Oleamide and the Endocannabinoid System Protect Against Excitotoxic Damage

A cannabinoid receptor-mediated mechanism participates in the neuroprotective effects of oleamide against excitotoxic damage in rat brain synaptosomes and cortical slices

In Summary

Oleamide, an endocannabinoid-like compound, has been found to work with the endocannabinoid receptors to protect against excitotoxic damage. Utilizing tryptophan metabolite quinolinic acid to induces the overactivations of N-methyl-D-aspartate receptors (NMDAr), eliciting excitotoxic effects. Various doses of oleamide were given to excitotoxic rats, revealing that oleamide did provide protective effects. Further examination confirmed that oleamide served a protective role by working through the endocannabinoid system. Future research should examine other compounds that could enact neuroprotective effects through the endocannabinoid system. 

Researchers continue to find novel targets for treatment within the endocannabinoid system. Although cannabis is not currently supported for medical use by the federal government the endocannabinoid system has far-reaching possibilities that can still be studied in the meantime. By using compounds like oleamide or other others that work on the endocannabinoid system researchers can determine new targets and therapeutic benefits of the endocannabinoid system. Researchers should continue to push for federally funded projects revolved around the endocannabinoid system as the underlying mechanism is still poorly understood considering the potential it holds.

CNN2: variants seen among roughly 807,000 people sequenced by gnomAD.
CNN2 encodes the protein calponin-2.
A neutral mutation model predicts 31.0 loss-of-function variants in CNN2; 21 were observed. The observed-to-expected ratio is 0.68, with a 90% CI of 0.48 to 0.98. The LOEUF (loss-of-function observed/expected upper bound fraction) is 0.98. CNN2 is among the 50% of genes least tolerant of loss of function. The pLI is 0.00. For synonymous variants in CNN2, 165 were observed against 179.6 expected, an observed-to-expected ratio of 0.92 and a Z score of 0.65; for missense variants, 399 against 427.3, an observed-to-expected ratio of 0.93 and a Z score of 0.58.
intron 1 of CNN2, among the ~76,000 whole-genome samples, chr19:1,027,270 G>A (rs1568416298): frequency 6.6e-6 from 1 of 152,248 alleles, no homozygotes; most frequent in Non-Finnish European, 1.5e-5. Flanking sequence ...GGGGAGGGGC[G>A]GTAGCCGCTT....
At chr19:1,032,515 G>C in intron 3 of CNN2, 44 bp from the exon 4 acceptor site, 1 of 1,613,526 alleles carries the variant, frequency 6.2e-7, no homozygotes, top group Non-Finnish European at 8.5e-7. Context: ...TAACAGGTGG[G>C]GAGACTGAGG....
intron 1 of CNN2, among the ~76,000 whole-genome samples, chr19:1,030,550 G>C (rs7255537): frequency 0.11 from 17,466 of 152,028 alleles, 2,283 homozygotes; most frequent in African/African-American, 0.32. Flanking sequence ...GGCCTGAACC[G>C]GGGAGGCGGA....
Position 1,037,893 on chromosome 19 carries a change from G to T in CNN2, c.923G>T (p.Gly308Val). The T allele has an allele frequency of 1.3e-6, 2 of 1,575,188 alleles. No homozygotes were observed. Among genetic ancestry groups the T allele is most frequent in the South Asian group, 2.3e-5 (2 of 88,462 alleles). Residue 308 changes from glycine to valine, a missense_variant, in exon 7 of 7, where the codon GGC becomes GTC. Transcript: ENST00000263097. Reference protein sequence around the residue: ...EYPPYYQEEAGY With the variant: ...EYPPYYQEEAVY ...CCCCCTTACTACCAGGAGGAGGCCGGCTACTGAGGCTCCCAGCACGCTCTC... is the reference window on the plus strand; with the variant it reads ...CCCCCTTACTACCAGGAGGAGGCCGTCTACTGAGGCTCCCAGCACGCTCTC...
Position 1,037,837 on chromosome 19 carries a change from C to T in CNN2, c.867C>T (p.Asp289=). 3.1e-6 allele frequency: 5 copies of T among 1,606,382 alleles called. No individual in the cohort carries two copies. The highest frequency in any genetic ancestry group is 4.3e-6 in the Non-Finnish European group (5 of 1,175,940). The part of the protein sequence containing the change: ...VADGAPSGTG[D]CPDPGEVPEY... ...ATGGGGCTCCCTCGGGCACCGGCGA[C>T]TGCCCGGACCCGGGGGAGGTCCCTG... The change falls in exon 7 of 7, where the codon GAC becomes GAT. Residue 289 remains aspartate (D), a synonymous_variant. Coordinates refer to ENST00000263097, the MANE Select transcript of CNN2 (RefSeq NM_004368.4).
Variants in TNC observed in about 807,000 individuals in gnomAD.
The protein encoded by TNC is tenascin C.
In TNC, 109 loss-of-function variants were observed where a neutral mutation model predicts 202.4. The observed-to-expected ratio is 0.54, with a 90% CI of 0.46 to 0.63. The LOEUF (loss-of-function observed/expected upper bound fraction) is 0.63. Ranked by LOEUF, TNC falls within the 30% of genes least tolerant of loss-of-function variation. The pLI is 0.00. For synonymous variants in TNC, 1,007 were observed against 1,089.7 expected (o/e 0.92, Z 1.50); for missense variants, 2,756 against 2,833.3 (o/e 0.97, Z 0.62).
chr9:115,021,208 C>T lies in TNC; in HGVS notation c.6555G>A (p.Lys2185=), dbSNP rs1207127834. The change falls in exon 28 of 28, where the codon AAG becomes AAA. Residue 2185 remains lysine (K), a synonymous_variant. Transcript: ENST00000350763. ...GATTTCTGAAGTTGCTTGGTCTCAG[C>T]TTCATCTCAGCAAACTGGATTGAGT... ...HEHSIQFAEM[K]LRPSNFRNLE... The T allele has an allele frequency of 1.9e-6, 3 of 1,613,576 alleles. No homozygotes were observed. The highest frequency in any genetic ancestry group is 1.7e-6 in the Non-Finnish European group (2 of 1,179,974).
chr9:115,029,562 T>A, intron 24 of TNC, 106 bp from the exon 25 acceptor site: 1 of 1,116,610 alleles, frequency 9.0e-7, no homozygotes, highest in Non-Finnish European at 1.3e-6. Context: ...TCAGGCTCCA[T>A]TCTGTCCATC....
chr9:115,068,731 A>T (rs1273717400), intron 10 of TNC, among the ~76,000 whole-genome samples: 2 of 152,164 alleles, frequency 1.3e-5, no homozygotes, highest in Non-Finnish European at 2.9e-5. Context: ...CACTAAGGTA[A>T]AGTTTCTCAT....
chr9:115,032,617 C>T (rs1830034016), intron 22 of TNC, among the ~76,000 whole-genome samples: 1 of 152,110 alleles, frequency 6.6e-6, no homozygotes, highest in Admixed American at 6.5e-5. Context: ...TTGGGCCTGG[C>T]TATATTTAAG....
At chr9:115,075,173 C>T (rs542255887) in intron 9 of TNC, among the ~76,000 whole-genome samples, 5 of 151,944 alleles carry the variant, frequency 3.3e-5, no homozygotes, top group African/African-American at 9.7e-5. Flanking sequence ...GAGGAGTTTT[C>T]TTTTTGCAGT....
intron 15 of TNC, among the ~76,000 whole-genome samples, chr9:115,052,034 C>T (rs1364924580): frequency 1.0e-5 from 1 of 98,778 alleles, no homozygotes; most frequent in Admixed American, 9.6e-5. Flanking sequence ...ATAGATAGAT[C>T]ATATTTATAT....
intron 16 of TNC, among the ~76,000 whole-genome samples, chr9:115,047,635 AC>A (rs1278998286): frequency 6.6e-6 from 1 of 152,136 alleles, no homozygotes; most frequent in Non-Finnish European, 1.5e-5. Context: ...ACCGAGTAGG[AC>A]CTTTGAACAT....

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Benjamin Caplan, MDOleamide and the Endocannabinoid System Protect Against Excitotoxic Damage

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